Myth 1: You always fall madly in love with your baby the minute you meet them.
BUSTED! It is true that many people experience a rush of the love hormone—oxytocin—at the moment of birth. It can make you feel on top of the world. Many people report feeling madly in love with their baby the minute they come out. Yet, there are many others who don’t have this experience. It’s also normal to feel:
· A little freaked out by your baby. It’s OK to wonder if their head is supposed to be that shape. It’s OK to not think they are that cute yet. (They come out looking pretty gnarly…don’t worry they get cuter as days go on!!) It’s OK to be scared to be their parent.
· Indifferent. Depending on how your birth goes, you may feel exhausted and touched out. You may need a good sleep, a shower, a nourishing meal, some self-care and processing of your birth before you feel like you can be emotionally present. That’s OK!
· A little mad at your baby. Maybe birth hurt, or was long, or not what you expected. Though unintentional, some people can’t help feeling a little mad at the little one who caused them pain. This feeling can be normal and is very short lived. Acknowledge it, process your birth with someone you trust, and it will pass!
If you feel anything other than our (often unrealistic!) societal expectation of overwhelming love and adoration for your baby, do not quietly wonder if something is wrong with you or feel secretly guilty. These feelings are very normal human responses. Love is not born, love grows. Spend time with your baby, care for yourself and let others care for you, and process your feelings with someone you trust. If these feelings linger, a mental health professional specializing in the perinatal period can be incredibly helpful and understanding!
Myth 2: I’m going to get that ________ (book read, bathroom remodeled, work project, craft project, …) done with all my extra time during parental leave.
BUSTED! In reality, you will need to do a lot of prioritization of tasks in the first few weeks postpartum. Newborns will initially need to eat every 2-3 hours. It’s amazing how much time we spend caring for someone who only eats, poops, and sleeps! Yet, realistically you will be caring for the baby every couple of hours, which means broken up sleep patterns and only quick periods of time to shower, cook, eat, clean, etc. Tackling big projects is likely not in the cards during those early weeks. As time goes on, feedings will space out and baby may start sleeping longer periods of time. You are not doomed to never finish those projects. But, it’s important to have accurate expectations for the early days of parenting so that it’s not a shock when the time arrives!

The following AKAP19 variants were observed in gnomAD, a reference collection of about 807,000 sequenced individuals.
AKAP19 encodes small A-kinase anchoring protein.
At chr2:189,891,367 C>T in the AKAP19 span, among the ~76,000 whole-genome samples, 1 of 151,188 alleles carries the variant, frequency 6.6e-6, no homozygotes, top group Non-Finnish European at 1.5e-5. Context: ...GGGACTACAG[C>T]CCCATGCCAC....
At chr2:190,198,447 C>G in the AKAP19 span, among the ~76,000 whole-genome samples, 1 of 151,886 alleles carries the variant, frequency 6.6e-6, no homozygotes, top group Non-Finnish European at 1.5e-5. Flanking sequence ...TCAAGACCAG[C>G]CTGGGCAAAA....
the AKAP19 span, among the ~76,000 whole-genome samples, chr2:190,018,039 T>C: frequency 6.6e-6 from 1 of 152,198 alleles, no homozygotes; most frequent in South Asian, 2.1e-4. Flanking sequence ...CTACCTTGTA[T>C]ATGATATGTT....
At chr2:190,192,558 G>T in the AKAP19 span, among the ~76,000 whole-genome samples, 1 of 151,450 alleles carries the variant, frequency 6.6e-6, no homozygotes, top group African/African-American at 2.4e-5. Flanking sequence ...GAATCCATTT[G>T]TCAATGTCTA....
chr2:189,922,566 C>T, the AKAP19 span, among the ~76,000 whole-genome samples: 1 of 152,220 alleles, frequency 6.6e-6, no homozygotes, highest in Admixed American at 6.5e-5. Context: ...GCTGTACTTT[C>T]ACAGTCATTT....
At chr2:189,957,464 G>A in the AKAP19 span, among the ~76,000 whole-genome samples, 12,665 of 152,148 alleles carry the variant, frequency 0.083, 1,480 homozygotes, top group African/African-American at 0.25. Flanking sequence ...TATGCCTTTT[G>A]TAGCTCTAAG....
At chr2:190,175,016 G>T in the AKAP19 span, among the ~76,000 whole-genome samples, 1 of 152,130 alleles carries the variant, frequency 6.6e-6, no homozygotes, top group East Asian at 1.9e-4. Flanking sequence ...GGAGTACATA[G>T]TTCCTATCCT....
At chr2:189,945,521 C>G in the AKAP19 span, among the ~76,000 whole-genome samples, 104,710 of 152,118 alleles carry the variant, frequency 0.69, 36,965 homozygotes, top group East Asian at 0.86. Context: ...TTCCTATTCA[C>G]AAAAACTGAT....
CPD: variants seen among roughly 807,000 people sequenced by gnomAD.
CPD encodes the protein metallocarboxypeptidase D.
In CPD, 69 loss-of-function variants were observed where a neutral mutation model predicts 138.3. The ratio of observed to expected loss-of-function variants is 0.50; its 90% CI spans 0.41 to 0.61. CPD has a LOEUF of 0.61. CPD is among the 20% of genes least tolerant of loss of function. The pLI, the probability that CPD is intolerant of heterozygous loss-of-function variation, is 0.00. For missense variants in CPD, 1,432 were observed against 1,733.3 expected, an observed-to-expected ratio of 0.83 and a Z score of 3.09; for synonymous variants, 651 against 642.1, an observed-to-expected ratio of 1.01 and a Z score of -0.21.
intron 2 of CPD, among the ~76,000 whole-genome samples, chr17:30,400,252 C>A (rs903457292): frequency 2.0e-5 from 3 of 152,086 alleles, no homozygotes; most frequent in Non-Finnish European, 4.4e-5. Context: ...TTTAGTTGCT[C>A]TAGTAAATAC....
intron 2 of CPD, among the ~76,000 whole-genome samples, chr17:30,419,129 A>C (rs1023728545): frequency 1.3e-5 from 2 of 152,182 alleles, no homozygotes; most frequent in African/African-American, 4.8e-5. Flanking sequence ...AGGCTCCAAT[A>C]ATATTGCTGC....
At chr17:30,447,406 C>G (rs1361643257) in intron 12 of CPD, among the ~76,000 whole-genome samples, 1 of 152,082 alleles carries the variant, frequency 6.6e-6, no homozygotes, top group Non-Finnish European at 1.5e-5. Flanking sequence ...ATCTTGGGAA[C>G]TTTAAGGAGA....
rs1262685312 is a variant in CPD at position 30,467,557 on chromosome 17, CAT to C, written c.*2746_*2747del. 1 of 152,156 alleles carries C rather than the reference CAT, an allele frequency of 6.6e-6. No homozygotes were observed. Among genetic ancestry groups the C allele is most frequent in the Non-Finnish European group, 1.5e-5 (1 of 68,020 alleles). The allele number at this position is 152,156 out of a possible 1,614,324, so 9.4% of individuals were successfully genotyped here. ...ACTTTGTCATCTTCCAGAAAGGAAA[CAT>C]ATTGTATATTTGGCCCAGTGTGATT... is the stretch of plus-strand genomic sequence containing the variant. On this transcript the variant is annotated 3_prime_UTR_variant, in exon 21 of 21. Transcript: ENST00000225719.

Myth 3: The “right” way to parent is found in books.
BUSTED! Books say all sorts of things. “You must breastfeed…Formula is fine…Sleep training is necessary…Sleep training is harmful…Cosleep…Don’t sleep with your baby.” And on and on. The mixed messages don’t stop after infancy, either. You will never find the “right” way to parent because it doesn’t exist. In reality, we learn and negotiate what is right for our family and our child. It will be different from family to family and from child to child. Only you can make parenting decisions and figure out if they are right for your family and child at this time. They may be right for you one day, and completely wrong the next. Books can help give us ideas, but we ultimately must decide if they are right for our own families. The books and other people in our lives (grandparents, nosy neighbors, advice-giving friends…) may have different ideas about parenting and that’s OK. You can listen and thank them for their input, but in the end the only opinions that matter are yours.